LazyLion

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Fine News for Joburg Motorists

Johannesburg - Joburg motorists won’t be prosecuted for any offence since December 22, and every fine issued since then can be torn up and thrown into the waste-paper bin.

The Road Traffic Infringement Agency (RTIA) told The Star that it had suspended the posting of all courtesy letters asking for payment.

In terms of legislation, the RTIA has to send these letters, by registered mail, as reminders that the fine has not been paid and informing motorists that they have lost their 50 percent discount, and have another 32 days to pay.

If the fine is still not paid, the RTIA should send out a notice of enforcement order – also by registered mail – informing the motorist that this failure to pay will be registered on the eNatis system against the driver’s identity number, and he or she will not be able to do any transactions with any vehicle until the infringement notice is paid.

This should also be the start of the process of issuing a warrant of execution against the motorist’s movable property to recover the money once the National Contravention Register has been fully developed.

But the RTIA has not sent one courtesy letter since January, meaning that no further action can be taken against the motorist.

And now that the agency has admitted it is not sending these courtesy letters, it means that not only are some 4 500 traffic officers wasting their time every day speed-checking and stopping motorists for other offences, but the City of Joburg is wasting R7.5 million a month in sending fines by registered mail which are seldom collected.

The JMPD, for 18 months before December 22, was sending fines by ordinary mail. Then, after complaints from the Road Traffic Management Corporation and motorists saying this was illegal, it was forced to start sending fines by registered mail at a cost of R20 each, as a direct result of the intervention of the transport minister.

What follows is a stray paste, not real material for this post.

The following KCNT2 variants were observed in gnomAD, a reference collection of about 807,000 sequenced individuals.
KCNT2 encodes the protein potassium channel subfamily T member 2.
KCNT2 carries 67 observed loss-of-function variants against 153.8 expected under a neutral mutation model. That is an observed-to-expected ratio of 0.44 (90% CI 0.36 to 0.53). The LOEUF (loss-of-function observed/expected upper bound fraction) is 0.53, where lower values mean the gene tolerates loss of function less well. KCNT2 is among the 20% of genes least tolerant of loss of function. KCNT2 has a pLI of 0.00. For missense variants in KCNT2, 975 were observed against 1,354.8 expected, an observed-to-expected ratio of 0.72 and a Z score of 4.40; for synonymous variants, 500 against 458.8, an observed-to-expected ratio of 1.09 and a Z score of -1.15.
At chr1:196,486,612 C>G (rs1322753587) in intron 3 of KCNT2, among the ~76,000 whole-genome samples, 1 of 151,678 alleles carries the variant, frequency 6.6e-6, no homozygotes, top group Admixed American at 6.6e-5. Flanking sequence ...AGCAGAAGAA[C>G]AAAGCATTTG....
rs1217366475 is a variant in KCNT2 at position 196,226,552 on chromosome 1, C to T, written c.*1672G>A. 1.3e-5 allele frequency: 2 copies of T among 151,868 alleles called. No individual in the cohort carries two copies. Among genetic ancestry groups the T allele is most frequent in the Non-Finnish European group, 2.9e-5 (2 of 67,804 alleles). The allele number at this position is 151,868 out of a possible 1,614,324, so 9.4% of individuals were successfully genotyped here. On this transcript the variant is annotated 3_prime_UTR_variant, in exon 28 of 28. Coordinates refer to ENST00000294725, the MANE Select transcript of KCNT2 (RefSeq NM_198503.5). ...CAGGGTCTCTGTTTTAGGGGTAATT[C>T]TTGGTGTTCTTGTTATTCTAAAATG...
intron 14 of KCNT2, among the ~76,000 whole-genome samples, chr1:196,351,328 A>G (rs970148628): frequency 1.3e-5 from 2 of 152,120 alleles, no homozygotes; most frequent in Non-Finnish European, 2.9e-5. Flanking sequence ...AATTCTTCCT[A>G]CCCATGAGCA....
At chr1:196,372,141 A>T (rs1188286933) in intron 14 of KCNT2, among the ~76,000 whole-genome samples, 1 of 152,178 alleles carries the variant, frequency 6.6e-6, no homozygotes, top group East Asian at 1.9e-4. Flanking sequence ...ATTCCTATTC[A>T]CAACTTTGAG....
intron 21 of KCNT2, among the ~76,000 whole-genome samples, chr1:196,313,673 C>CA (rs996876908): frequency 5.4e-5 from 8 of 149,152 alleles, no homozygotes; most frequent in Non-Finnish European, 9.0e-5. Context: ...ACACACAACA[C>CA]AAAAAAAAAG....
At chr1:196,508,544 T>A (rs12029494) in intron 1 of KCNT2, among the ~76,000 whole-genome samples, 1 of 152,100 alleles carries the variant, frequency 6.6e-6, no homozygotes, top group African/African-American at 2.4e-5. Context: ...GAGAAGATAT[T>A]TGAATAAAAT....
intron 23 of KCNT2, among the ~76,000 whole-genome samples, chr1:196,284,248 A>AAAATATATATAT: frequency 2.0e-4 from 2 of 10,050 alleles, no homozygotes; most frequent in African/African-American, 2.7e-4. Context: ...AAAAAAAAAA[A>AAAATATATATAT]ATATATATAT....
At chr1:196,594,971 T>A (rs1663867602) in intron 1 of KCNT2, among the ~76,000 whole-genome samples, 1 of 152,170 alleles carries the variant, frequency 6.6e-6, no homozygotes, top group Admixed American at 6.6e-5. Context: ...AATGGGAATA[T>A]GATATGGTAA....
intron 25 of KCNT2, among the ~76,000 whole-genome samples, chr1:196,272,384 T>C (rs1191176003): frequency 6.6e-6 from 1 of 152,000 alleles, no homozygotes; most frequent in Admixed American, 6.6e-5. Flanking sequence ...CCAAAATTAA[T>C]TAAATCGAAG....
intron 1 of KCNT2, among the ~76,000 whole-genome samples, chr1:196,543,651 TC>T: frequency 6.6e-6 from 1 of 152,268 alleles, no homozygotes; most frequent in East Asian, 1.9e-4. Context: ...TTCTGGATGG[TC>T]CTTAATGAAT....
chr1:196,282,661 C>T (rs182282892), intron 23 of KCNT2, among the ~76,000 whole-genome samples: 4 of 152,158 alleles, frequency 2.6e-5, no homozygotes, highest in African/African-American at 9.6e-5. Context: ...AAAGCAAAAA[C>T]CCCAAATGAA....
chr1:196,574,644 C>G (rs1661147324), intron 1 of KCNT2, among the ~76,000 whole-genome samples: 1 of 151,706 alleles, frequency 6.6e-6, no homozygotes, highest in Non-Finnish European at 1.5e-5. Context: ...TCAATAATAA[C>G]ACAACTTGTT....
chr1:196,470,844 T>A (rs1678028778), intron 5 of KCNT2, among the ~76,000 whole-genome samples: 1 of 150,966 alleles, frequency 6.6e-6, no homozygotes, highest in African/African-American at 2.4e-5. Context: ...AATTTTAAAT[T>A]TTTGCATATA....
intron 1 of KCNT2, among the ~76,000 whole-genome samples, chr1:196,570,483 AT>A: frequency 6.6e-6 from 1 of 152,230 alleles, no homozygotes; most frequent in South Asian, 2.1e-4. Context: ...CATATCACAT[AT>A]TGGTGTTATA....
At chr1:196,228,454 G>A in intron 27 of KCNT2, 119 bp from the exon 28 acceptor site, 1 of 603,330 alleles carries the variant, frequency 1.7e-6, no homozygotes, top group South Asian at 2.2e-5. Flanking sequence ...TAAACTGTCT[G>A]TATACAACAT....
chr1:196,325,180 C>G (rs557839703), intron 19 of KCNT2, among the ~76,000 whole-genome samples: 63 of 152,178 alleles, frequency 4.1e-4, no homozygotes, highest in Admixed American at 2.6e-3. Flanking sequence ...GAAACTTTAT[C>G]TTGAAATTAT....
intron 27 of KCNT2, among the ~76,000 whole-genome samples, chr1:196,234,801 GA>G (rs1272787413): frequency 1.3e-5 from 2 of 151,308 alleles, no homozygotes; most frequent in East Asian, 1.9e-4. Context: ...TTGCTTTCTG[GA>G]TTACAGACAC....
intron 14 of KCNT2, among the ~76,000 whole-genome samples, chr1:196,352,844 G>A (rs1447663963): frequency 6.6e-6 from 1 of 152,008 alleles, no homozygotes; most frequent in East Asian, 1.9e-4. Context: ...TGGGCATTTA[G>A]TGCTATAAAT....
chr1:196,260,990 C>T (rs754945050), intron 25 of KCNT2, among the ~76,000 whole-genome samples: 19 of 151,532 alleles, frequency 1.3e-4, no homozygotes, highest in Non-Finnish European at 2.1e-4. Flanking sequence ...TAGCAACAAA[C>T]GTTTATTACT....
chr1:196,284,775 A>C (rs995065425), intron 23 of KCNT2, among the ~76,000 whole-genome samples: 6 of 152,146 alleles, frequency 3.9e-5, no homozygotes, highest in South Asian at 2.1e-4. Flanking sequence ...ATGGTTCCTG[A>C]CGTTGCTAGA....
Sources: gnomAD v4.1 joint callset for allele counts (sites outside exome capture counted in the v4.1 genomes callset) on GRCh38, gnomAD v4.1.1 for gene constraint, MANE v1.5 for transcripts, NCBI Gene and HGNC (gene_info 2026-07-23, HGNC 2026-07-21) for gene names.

Some 450 000 fines are sent by registered mail monthly, at a cost of R7.5m. But since January only 10 percent of motorists have paid fines. So since December 22, when the JMPD resumed registered mail, about 1.48 million fines have been sent fruitlessly, costing about R30m.

The RTIA would have to spend the same amount to send the courtesy letters, and again to send the enforcement order letters.

The RTIA said it had experienced challenges at great expense, as courtesy letters must be sent to infringers by registered post.

Some of the challenges include the recent strikes at the South African Post Office.

“In the event that courtesy letters are sent and not collected due to strike action at the Post Office, an enforcement order is authorised, resulting in all eNatis transactions being blocked – such as the renewal of driving licence cards, motor vehicle licence discs and professional driving permits – causing the infringer unnecessary economic harm – especially fleet owner vehicles – and inconvenience.

“These challenges have resulted in the Road Traffic Infringement Agency taking a decision to suspend the issuing of courtesy letters to an infringer until such time that the SA Post Office has given confirmation of an improved delivery of courtesy letters and service levels,” said RTIA spokesman Mthunzi Mbungwana.